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  1. The widespread use of smartphones has spurred the research in mobile iris devices. Due to their convenience, these mobile devices are also utilized in unconstrained outdoor scenarios. This has necessitated the development of reliable iris recognition algorithms for such uncontrolled environment. At the same time, iris presentation attacks pose a major challenge to current iris recognition systems. It has been shown that print attacks and textured contact lens may significantly degrade the iris recognition performance. Motivated by these factors, we present a novel Mobile Uncontrolled Iris Presentation Attack Database (MUIPAD). The database contains more than 10,000 iris images that are acquired with and without textured contact lenses in indoor and outdoor environments using a mobile sensor. We also investigate the efficacy of textured contact lens in identity impersonation and obfuscation. Moreover, we demonstrate the effectiveness of deep learning based features for iris presentation attack detection on the proposed database.
  2. Advancements in smartphone applications have empowered even non-technical users to perform sophisticated operations such as morphing in faces as few tap operations. While such enablements have positive effects, as a negative side, now anyone can digitally attack face (biometric) recognition systems. For example, face swapping application of Snapchat can easily create “swapped” identities and circumvent face recognition system. This research presents a novel database, termed as SWAPPED - Digital Attack Video Face Database, prepared using Snapchat’s application which swaps/stitches two faces and creates videos. The database contains bonafide face videos and face swapped videos of multiple subjects. Baseline face recognition experiments using commercial system shows over 90% rank-1 accuracy when attack videos are used as probe. As a second contribution, this research also presents a novel Weighted Local Magnitude Pattern feature descriptor based presentation attack detection algorithm which outperforms several existing approaches.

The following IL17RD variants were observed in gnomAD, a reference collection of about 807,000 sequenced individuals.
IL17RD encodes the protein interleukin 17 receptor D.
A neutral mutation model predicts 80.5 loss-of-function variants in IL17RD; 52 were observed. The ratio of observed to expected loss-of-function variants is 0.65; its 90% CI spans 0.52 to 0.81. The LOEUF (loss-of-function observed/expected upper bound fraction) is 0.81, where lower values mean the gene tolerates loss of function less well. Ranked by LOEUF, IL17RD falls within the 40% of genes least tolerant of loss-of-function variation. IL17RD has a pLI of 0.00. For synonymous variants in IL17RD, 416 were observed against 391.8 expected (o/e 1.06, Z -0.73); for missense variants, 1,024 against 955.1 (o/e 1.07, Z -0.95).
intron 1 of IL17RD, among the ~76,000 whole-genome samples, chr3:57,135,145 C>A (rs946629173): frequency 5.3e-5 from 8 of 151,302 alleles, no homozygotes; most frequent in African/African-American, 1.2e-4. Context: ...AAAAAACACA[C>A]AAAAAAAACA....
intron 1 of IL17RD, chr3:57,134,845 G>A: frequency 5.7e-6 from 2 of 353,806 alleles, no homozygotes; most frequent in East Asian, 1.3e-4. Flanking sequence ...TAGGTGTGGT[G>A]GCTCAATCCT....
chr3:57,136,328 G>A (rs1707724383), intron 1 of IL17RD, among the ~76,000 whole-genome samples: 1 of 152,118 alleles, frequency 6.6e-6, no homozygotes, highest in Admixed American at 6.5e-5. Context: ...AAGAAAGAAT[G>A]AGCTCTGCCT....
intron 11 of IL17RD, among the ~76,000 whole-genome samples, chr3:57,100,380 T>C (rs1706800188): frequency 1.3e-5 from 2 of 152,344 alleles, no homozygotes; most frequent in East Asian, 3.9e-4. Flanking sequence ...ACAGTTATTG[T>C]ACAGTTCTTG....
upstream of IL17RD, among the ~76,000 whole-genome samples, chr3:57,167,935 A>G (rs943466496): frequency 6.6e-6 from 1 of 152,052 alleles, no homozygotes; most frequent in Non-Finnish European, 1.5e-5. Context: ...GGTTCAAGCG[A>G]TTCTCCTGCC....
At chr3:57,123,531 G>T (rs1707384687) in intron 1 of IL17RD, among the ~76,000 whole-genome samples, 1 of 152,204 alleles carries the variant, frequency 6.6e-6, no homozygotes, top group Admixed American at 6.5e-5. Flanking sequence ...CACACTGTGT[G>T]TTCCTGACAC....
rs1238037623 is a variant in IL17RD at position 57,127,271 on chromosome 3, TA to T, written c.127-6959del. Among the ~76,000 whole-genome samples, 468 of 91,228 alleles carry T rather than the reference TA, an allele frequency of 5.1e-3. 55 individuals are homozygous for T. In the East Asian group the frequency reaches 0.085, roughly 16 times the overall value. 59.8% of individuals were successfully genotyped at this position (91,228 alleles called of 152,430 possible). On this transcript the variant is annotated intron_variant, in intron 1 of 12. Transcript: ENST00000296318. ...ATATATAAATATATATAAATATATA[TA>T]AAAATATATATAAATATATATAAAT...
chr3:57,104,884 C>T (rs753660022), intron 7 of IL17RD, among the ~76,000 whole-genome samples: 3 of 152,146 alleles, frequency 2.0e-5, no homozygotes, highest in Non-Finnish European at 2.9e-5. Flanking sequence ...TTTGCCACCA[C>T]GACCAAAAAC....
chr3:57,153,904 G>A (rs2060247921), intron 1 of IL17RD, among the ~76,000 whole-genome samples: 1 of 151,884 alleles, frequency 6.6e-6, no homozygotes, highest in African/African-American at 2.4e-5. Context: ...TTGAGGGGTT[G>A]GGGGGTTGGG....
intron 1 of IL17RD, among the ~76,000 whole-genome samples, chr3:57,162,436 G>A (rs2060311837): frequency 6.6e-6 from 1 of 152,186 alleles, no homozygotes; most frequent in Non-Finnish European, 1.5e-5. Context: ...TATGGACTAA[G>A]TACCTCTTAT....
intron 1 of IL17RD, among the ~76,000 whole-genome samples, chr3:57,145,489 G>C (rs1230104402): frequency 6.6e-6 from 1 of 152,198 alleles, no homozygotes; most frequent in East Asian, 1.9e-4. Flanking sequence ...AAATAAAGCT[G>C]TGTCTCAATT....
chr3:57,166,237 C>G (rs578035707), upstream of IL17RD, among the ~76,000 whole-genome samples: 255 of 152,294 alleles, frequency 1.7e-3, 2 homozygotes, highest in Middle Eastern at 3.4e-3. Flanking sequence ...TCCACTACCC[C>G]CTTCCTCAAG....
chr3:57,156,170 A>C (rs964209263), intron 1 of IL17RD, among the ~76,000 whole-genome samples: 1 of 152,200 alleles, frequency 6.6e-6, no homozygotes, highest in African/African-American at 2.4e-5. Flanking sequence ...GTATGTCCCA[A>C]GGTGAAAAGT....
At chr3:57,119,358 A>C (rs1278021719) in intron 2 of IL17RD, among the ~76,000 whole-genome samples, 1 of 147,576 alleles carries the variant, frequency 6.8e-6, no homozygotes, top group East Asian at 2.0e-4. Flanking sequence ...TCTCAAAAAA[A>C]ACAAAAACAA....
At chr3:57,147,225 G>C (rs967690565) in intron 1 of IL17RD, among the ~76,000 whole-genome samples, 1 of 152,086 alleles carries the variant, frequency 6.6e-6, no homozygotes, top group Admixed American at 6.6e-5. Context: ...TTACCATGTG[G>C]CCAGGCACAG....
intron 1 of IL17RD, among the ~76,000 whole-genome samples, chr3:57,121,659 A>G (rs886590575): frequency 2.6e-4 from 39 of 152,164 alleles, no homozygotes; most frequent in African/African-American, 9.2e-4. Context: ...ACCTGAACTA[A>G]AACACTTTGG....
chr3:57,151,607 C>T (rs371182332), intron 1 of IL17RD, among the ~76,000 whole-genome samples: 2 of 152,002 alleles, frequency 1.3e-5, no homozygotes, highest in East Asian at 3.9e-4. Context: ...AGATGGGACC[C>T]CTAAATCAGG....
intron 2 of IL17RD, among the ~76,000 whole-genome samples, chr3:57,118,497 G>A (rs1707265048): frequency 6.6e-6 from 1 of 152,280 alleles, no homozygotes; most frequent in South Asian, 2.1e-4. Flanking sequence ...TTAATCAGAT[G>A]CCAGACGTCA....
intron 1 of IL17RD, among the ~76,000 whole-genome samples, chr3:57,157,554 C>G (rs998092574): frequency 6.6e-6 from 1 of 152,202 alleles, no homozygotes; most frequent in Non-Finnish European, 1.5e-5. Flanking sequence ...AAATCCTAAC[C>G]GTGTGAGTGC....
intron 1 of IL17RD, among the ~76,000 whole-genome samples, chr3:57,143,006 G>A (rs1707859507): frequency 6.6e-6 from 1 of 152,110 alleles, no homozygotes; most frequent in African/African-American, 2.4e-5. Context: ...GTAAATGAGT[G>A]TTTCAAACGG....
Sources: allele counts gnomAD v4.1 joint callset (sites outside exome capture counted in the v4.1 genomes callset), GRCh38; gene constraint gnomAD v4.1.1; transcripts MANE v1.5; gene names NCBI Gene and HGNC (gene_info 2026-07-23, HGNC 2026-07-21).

3. Iris recognition in visible spectrum has developed into an active area of research. This has elevated the importance of efficient presentation attack detection algorithms, particularly in security based critical applications. In this paper, we present the first detailed analysis of the effect of contact lenses on iris recognition in visible spectrum. We introduce the first contact lens database in visible spectrum, Unconstrained Visible Contact Lens Iris (UVCLI) Database, containing samples from 70 classes with subjects wearing textured contact lenses in indoor and outdoor environments across multiple sessions. We observe that textured contact lenses degrade the visible spectrum iris recognition performance by over 25% and thus, may be utilized intentionally or unintentionally to attack existing iris recognition systems. Next, three iris presentation attack detection (PAD) algorithms are evaluated on the proposed database and highest PAD accuracy of 82.85% is observed. This illustrates that there is a significant scope of improvement in developing efficient PAD algorithms for detection of textured contact lenses in unconstrained visible spectrum iris images.